2. iBeacons – this is the location-aware bluetooth technology that allows information to pop up on your smart device when you enter specific physical locations. its being used in retail to send alerts about sales to shoppers in the US, but in education it sounds perfect for libraries and museums. Basically, I envision using the set that I’ve ordered from Estimote.com to allow workshop participants who enter a physical area to receive a notification which then leads them to watch a video or view information (such as task instructions) specific to where they are – all triggered purely by them being in that space. I’m sure there will be many many other educational uses for this kind of tech also -

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Check out this quick video of what’s being done by fellow ADE Paul Hamilton here in Australia.

App Challenge Sheets

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I’ve recently been inspired by the simple challenges created by Craig Badura that give app-using educators a simple but engaging task where they can learn a new app not just by reading about it but by making something. As reported by Tony Vincent at Learninginhand.com, other people have started following Craig’s lead and making their own App Challenges – including me now – see the links below to download my attempt that takes you through a ‘Book Creator’ project and a Skitch project…

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LINK: App Discoveries Book Creator

 

 

 

 

 

 

 

 

 

LINK: App Discoveries Skitch

 

 

 

 

JNXYZ training site debuts

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Just a quick post to let readers know I have launched the beta version of a site dedicated to those who need innovative training for their staff around technology and learning. Head to JNXYZ training if I can help you in this way!

 

 

More info on my iBook about how we ‘do work’ in an post-PC, iPad world

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Hi everyone – there comes a time when every iPad using educator needs to contribute back to the communities that have fostered them. I’ve certainly had a great time doing that with Slide2learn – and for me that time has also come in the form an iBook. Its the culmination of a few years of plugging away with mobile devices and thinking that gee, not only do these look and feel different to a traditional computer, they can also do much of what a PC can, and lots more beside.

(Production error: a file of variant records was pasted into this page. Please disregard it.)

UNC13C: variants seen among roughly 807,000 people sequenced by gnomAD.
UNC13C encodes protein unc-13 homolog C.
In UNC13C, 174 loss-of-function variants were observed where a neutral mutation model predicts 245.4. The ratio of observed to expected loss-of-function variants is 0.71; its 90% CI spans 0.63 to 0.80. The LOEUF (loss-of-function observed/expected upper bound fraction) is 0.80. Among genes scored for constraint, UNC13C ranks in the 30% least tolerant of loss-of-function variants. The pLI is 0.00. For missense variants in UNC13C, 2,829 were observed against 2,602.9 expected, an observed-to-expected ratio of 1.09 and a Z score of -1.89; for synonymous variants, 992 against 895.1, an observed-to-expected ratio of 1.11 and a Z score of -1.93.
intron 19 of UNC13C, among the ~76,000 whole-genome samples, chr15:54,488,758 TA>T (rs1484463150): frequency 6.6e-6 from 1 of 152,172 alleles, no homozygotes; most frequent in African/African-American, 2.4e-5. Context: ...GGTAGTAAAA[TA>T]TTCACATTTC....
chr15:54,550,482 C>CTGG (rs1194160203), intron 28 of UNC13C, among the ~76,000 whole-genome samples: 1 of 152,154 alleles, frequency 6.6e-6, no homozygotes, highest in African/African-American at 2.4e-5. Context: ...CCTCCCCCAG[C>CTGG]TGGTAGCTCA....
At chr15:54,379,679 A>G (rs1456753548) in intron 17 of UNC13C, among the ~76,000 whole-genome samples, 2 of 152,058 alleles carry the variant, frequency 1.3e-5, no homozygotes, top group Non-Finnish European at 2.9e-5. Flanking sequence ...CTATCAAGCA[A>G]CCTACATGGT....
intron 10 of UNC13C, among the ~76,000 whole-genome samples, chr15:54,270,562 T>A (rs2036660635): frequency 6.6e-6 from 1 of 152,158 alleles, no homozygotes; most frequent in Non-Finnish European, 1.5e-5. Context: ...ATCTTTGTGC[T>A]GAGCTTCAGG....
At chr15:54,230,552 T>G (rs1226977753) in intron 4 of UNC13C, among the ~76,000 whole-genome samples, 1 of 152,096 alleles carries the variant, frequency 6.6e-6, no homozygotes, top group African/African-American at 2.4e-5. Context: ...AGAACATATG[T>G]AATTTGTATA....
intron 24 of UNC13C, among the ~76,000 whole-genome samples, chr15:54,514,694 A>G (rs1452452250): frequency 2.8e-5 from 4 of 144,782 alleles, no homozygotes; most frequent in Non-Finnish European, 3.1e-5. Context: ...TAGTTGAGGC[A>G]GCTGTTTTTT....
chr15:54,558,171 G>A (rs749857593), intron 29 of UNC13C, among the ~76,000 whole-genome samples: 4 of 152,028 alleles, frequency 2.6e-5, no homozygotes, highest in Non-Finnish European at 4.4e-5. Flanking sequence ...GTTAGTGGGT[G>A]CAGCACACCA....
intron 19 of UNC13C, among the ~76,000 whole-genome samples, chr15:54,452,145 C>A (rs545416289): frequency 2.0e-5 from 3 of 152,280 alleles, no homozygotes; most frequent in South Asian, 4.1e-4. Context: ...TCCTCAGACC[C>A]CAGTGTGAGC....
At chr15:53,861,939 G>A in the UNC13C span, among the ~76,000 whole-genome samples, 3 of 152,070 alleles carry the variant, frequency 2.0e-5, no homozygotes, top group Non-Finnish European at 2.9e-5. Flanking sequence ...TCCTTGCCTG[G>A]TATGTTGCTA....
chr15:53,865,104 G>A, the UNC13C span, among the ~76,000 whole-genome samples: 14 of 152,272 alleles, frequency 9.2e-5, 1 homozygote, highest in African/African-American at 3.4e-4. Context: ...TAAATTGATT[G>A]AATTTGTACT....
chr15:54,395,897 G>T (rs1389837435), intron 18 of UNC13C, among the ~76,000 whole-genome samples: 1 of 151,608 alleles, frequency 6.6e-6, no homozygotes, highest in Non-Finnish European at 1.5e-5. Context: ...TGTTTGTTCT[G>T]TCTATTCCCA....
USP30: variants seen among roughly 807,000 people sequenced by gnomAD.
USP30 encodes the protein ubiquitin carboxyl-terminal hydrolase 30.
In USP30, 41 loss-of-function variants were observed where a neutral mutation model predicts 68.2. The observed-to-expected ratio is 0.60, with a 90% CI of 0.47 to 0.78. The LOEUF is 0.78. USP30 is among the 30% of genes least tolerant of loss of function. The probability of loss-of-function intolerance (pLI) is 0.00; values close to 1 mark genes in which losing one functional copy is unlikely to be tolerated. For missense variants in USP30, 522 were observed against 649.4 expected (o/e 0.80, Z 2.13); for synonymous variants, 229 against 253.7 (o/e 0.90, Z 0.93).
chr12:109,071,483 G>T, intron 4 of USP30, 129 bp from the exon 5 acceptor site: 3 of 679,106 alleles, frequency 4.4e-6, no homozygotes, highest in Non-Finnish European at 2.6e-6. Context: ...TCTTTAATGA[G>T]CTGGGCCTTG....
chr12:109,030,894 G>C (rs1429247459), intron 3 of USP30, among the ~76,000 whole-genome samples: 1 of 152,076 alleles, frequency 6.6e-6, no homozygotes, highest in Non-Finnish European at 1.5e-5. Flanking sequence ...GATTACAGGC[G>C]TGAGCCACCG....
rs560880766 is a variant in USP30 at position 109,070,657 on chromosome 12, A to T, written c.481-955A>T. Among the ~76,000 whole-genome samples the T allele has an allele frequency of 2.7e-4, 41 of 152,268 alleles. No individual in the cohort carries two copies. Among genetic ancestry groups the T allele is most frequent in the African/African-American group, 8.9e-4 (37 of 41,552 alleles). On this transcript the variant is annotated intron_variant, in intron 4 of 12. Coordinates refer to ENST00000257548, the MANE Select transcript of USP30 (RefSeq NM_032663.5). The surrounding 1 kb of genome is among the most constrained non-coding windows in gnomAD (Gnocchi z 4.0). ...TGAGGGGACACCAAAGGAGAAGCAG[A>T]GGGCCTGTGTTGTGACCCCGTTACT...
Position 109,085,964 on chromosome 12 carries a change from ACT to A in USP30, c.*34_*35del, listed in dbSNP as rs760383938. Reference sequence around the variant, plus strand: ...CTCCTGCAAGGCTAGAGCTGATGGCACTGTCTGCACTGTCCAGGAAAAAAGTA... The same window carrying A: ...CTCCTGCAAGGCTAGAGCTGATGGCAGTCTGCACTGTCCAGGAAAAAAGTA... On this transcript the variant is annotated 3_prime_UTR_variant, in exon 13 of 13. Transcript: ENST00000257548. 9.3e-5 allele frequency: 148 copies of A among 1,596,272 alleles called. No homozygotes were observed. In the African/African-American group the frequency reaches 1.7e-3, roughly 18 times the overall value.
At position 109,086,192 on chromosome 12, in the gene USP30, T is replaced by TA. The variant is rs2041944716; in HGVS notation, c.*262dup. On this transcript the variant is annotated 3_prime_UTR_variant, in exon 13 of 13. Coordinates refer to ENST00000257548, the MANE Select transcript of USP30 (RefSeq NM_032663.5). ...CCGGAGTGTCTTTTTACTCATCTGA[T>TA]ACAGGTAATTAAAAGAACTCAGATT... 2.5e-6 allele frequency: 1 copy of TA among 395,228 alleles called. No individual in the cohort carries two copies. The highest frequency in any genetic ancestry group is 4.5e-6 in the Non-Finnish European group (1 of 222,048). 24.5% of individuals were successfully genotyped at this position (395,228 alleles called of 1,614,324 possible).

I’ve also always struggled with just how does when do ‘work’ on a smaller screen with simpler interfaces and skill requirements? The answer that many similar educators (and Kate Maccoll was the first I heard talk about) have come up with is the idea of workflows that chain a series of apps together to produce the end product.

Here’s some of what I’ve written – see if this makes sense from your experiences:

“So if the iPad is not a PC in the 1980-2010 vein, what is it? There’s a good reason why Steve Jobs chose to first demo the iPad while sitting on a lounge chair (see image at right). I myself am sitting on my couch re-watching Star Wars at 11:54pm on a device that still has 32% battery left despite being in use throughout the day by myself and my 5 year old.

This extra long battery then is one of the key factors that effect how work can be completed with an iPad, and set it apart from the need of PC’s to be tied to a more fixed location. 

Another is the simpler user interface that allows one to focus fully on each piece of work in turn. This means that instead of using a small number of powerful desktop programs that each do almost too many things as on a PC, a user employs a series of simpler apps that each do one thing well in a productive sequence. 

A third factor is the way files are managed. While a PC requires the user to firstly remember when to save files as well as where the files where stored and in what folder, iPad apps automatically save ones work within the app itself.